Written last night, on the eve of the first day of school 2015:
Little Man starts middle school tomorrow. In our town, that’s seventh and eighth grade. Weird, because I’ve always thought middle school was grades 6,7, and 8, and junior high school is grades 7 and 8. Nevertheless, the kid starts a whole new adventure tomorrow.
For those who are new here, Little Man is my son who is extraordinarily tuned into energy. He senses people emotions. He communicates with nature. He has a heart of gold and cares deeply. And he is an empath. He also happens to have anxiety from time to time, as is not unusual with empathic people.
School has not been a favorite place for him, partly because of being empathic, and also because of being dyslexic, having ADHD, and anxiety. It is a challenge for him to force himself to pay attention and to learn something he has less than no interest in.
One thing I’ve figured out about Little Man is that his brain moves fast, very fast. Sometimes, it moves so fast, I’m blown away. I get it now. When he’s interested in something, or if something comes naturally to him, his brain is able to cruise at mach 10 where it’s happy. But if something takes a lot of effort to learn or to understand, and if it’s something he’s not particularly interested in, in the first place, he doesn’t even want to go there. It becomes a fight to even pay attention.
After the nightmare that was sixth grade, we are cautiously optimistic that this next school year will better. The school is a different one. Little Man will have several different teachers instead of just one, and they’ll all be new to him. And the support he’ll get through the special education department should be much more than he got at his little elementary school. It’s all different. And my current mantra is “different is good.”
I was chatting with a friend yesterday whose younger son graduated from high school, so she’s out from under the obligations of the mom with a kid in school, time of life. Many of my childhood school mates started their families 10+ years earlier than I did, and their kids are in college, have graduated from college, or are getting married. When their kids were in middle school, they were around the age I was when I had my son. I realized that dealing with a middle schooler and menopause at the same time is a whole lot of hormones going on! Thank goodness for estrogen supplements and chocolate.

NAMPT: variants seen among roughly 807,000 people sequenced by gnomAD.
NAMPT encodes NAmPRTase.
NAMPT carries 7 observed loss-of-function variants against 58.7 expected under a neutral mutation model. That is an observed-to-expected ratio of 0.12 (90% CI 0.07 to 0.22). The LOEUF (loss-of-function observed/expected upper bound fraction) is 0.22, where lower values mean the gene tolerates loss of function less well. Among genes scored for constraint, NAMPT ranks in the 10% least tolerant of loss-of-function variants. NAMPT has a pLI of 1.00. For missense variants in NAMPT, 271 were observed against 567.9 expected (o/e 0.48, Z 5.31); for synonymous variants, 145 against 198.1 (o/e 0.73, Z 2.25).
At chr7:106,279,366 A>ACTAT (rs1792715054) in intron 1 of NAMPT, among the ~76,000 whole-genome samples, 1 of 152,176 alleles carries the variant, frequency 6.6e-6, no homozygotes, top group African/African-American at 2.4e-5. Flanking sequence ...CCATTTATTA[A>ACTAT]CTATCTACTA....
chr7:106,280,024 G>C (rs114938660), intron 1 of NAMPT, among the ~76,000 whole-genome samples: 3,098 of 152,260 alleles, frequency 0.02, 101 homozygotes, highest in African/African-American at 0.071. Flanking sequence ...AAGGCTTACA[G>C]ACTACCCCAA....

With summer vacation coming to a close, Mother Nature decided to bring on some excitement in the way of some major wildfires followed by our first winter storm type storm. Last Saturday, the winds howled, and the rains came and stayed. Because all the trees still have their leaves, we had more tree damage than I’ve seen since I moved to Washington state.
Just before noon, I was chatting on the phone and the lights flickered. Then they flickered again. I grabbed our old corded phone and plugged it in, mid-conversation. Thank goodness! A few minutes later, the power went out, and didn’t come back on for almost 3 days.
Little Man and I ran out to do a quick errand, and when we got out of the hollow we live in, the damage and gusting winds fast became evident. We stopped at one point to help throw tree branches off the road. And by the time we returned from our errand, a stand of cedars in the pictures above and below had gone over the road we had earlier traversed.
It was quickly obvious that we would be without power for at least several hours. Because of this, I had my husband get the generator going and plug in our refrigerator and the freezer in the garage. As many times as we lose power during the winter, I can count the number of times we’ve plugged in the fridge and freezer on one hand.
Little Man was such a rock star during all of this. He jumped right in and helped lead extension cords to the house, through a window, and to the areas that needed power. We have several extra power strips and extension cords that he put to good use, making sure he plugged in his fish tank and a light in his bedroom. We had a few lights here and there, and Little Man remembered about an electric burner in the garage and brought that in. It was nice to be able to sip on hot tea while Little Man cooked ramen noodles for his father and himself.
Not only did Little Man help get us wired up with power, he grabbed a few buckets so we could dip water from a nearby stream to be able to flush the toilets. Being on a well, we lost our water supply. He also brought his guinea pig’s cage out to the living room so the little critter could be where the action was, as they are somewhat social creatures.
Little Man not only brought his pet out to the living room, where we were congregated, he brought his desk chair and a small folding table to hold his laptop. As the men were getting things set up with power, I took my loads of laundry downtown to the Laundromat.
I love how everyone jumped into gear, doing what needed to be done, no muss, no fuss, no complaining or whining; just getting it done. Little Man, in particular, loves this sort of shake up in the routine. It’s where he can shine. He is so capable in so many ways, and it’s at times like this that he truly rocks. I just wish his teachers at school could see him in action. I meet with them tomorrow and will be sure to share our latest adventure with them, to illustrate what a rock star Little Man can be.